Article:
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Local and global analysis of endocytic patch dynamics in fission yeast using a new "temporal superresolution" realignment method.

Berro J, Pollard TD - Mol. Biol. Cell (2014)

Bottom Line: These methods allowed us to extract new information about endocytic actin patches in wild-type cells from measurements of the fluorescence of fimbrin-mEGFP.We show that the time course of actin assembly and disassembly varies <600 ms between patches.Our methods also show that the number of patches in fission yeast is proportional to cell length and that the variability in the repartition of patches between the tips of interphase cells has been underestimated.

View Article: PubMed Central - PubMed

Affiliation: Department of Molecular, Cellular and Developmental Biology Department of Molecular Biophysics and Biochemistry Nanobiology Institute, Yale University, New Haven, CT 06520-8103 Institut Camille Jordan, UMR CNRS 5208, Université de Lyon, 69622 Villeurbanne-Cedex, France Centre de Génétique et de Physiologie Moléculaire et Cellulaire, UMR CNRS 5534, Université de Lyon, 69622 Villeurbanne-Cedex, France.

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Polymerization efficiency plots of the number of molecules per patch vs. (A) the distance from origin or (B) the displacement of the patch. The data points in the lower left are the first measured on individual patches (colored lines) or averaged from 24 patches (black lines). The successive data points are at 1-s intervals for the individual patches (colored lines) and 0.5-s intervals for the averaged data (black line). Black lines: data based on the average for 24 patches after continuous alignment in time using intensities; blue, red, and green are representative data for individual patches from Figure 3A. The rate of patch movements increases only after the maximum fimbrin accumulation, as seen for individual tracks (colors) and for averaged data (black).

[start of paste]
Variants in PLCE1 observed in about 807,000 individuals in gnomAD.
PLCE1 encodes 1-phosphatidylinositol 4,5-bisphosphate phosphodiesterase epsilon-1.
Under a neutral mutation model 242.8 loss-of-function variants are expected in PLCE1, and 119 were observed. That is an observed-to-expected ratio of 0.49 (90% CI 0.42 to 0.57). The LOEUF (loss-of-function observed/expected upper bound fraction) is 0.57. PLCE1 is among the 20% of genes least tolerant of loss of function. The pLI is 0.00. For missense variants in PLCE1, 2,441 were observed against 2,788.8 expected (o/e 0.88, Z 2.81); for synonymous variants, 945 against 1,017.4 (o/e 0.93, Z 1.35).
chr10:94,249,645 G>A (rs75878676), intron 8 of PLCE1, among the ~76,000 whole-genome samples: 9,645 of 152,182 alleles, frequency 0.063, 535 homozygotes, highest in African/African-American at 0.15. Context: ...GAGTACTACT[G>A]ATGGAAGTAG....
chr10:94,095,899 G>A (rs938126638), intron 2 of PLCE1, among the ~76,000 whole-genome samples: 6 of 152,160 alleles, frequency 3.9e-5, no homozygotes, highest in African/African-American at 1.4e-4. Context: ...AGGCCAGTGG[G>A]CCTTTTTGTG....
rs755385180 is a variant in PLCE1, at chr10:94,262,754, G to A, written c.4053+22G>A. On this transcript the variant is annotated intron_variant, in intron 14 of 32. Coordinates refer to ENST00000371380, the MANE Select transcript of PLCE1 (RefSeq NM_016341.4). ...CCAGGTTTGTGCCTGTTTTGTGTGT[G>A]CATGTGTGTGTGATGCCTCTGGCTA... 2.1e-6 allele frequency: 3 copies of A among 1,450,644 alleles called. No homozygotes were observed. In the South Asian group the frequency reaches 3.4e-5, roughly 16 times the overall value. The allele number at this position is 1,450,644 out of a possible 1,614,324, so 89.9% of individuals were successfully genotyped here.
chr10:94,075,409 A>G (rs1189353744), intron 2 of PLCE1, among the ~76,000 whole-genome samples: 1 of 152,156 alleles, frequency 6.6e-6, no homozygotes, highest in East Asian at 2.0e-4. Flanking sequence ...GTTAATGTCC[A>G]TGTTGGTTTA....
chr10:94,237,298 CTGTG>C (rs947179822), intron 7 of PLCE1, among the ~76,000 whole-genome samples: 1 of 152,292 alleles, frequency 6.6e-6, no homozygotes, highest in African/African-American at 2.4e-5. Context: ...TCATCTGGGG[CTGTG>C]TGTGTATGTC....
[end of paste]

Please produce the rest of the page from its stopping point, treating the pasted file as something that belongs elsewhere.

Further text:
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Figure 6: Polymerization efficiency plots of the number of molecules per patch vs. (A) the distance from origin or (B) the displacement of the patch. The data points in the lower left are the first measured on individual patches (colored lines) or averaged from 24 patches (black lines). The successive data points are at 1-s intervals for the individual patches (colored lines) and 0.5-s intervals for the averaged data (black line). Black lines: data based on the average for 24 patches after continuous alignment in time using intensities; blue, red, and green are representative data for individual patches from Figure 3A. The rate of patch movements increases only after the maximum fimbrin accumulation, as seen for individual tracks (colors) and for averaged data (black).

Mentions: To characterize the role of actin polymerization in patches, we plotted the number of fimbrin molecules versus displacement of the patch (Figure 6A; or distance from its origin, Figure 6B). Owing to their random movements, plots of individual patches were noisy, but average data from 24 patches made smooth curves (black lines). These plots revealed two phases separated by a sharp transition. The first phase began with the data point in the lower left corner at time −6 s, when displacement was slow (<50 nm/s) and only 200 fimbrin molecules associated with a patch. Over the next 6 s, ∼800 molecules of fimbrin accumulated, but the displacement remained low (nearly vertical black line). The second phase began at 0 s, when the number of fimbrin molecules peaked and the displacement increased abruptly to ∼130 nm/s (horizontal black line). Thereafter the displacement increased slowly to up to 200 nm/s as fimbrin disassociated. Thus actin polymerizes during the formation of clathrin-coated pits but disassembles as the vesicle moves.